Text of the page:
• Morsbach obviously expects that "redevelopment [of downtown Normal] ... will somehow do a better job than the current incarnation," and that the redevelopment is better than "doing a better management job." Otherwise, he wouldn't have sunk his money into it. But when it comes to Harper Court, it's apparently better to stick with the status quo, despite the striking case of Toys Etcetera demonstrating that a small business can make money in Hyde Park, just not at Harper Court.
  • The most delicious irony is to be found in Morsbach's comparison of Harper Court redevelopment with a "Second Coming of Urban Renewal," when his new restaurant in Normal is a beneficiary of publicly subsidized demolition of major chunks of its downtown, including portions of entire city blocks, as shown below.

Mr. Morsbach seems to care a lot about principles when it comes to renewing Harper Court. But when Urban Renewal arrives in Normal, Illinois, it's a great business opportunity. Perhaps it's time for Mr. Morsbach follow the same business principles in his own neighborhood that he follows in someone else's.


Elizabeth Fama said...

Wow. Just wow. This is a fascinating post, Chicago Pop.

Aside from all of the important things you pointed out, a seemingly unimportant one struck me: did you notice how both the interior layout and exterior facade of the Normal Medici seem to be bigger, better, nicer, cleaner renditions of the Medici on 57th? Like he's trying to duplicate his success -- hmm, except that the Normal folks are getting something better.

LPB said...

I'd have to say that this Morsbach example is a new low in Hyde Park NIMBYism.

Why does Normal get the newer, better, more liveable, New Urbanist revitalization that adds to quality of life in the area? And not Hyde Park?!! Well, I guess HP residents have to thank folks like Hans More-bucks for that.

I'd have more respect for More-bucks if he were actually consistent in his "principles" and were as vocally opposed to the redevelopment of Normal as he apparently is to overhauling Harper Court.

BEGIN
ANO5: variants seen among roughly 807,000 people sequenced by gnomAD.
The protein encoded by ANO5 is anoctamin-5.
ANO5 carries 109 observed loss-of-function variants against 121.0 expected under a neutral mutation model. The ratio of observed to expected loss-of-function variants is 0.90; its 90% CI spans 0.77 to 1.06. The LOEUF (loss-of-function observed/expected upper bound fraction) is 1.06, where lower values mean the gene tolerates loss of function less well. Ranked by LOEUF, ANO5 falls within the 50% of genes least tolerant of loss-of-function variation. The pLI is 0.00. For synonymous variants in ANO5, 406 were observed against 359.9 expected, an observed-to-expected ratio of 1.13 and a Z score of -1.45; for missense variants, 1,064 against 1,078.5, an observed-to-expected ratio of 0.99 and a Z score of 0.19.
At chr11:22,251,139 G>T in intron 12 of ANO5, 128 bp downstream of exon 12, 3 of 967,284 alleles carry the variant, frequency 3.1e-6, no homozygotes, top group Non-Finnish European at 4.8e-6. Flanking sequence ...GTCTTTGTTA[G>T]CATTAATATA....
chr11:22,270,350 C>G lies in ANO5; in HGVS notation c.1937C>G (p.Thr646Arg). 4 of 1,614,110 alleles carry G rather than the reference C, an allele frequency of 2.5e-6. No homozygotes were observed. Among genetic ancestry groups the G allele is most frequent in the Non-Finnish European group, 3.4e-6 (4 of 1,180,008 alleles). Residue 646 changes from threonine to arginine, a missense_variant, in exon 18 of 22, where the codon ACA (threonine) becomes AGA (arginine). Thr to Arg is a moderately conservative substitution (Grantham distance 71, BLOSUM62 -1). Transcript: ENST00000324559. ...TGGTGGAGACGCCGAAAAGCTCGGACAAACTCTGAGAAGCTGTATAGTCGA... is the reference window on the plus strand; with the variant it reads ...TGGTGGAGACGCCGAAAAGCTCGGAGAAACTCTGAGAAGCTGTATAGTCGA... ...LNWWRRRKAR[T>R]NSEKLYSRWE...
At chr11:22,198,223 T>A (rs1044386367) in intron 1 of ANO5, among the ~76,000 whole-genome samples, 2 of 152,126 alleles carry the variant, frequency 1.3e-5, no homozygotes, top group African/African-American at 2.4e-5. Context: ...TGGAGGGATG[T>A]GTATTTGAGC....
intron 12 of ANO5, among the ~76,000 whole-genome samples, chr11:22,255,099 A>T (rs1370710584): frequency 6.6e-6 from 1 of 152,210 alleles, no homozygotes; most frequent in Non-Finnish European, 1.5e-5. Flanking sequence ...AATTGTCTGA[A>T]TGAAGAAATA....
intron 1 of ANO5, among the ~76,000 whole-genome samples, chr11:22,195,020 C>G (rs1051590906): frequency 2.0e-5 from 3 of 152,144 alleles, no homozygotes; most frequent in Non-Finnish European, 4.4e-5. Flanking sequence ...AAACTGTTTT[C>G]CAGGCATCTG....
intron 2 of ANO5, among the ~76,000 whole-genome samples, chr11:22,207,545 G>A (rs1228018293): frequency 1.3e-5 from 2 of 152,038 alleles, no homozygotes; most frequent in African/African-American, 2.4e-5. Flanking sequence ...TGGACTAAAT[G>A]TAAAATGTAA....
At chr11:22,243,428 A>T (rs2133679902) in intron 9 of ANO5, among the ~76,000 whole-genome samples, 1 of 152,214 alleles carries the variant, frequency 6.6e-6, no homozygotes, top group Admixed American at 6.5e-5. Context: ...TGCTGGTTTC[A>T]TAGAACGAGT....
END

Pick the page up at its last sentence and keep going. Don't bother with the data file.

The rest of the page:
As an aside, this is the kind of investigation and analysis that the Herald should be doing if it had even one iota of journalistic professionalism and integrity.

chicago pop said...

To Beth's point, that the new Normal Med is "bigger, better, nicer, cleaner", this is all obviously because it's NEW. That's what you get with NEW CONSTRUCTION.

Strangely, such new construction as will house the Medici in Normal is a relative rarity in Hyde Park, and is often quite vocally objected to by people like the owner of the Medici on 57th Street.

Morsbach has gone on record objecting to the two most promising commercial redevelopment projects currently in the pipeline in Hyde Park -- Drs Hospital and Harper Court, both of which could offer entrepreneurs the kind of NEW CONSTRUCTION that he is benefiting from in the tear-down project in Normal.

This is the most flagrant case of NIMBY-ism that has so far been presented on this blog.

Elizabeth Fama said...

Will his Medici in Normal IL displace an existing business? Or was the building that they tore down empty? (Sorry if you've explained this already.)

chicago pop said...

To Beth's question, No, the new Medici in Normal will not displace the business that stood in the location previously (Other Ports).

That business had closed in 2004. Morsbach went in on a deal with the business and property owner Bob Steinman to demolish that property and rebuild it as a 250-seat restaurant.

While this particular project involved no use of eminent domain and condemnation, the Town of Normal agreed to subsidize the Morsbach-Steinman redevelopment project to the tune of "up to 30 percent or $350,000 of the annual interest costs on their first mortgage, provide a $100,000 grant for life/safety work and a $15,000 facade improvement grant." (Bloomington-Normal Pantagraph, September 7, 2005).

So, while no business was displaced by the Medici, it received money from the Town of Normal that has actively condemned and displaced businesses and property owners in the area.

demathers said...

Hans is a typical statist:
Do as I say, NOT as I do.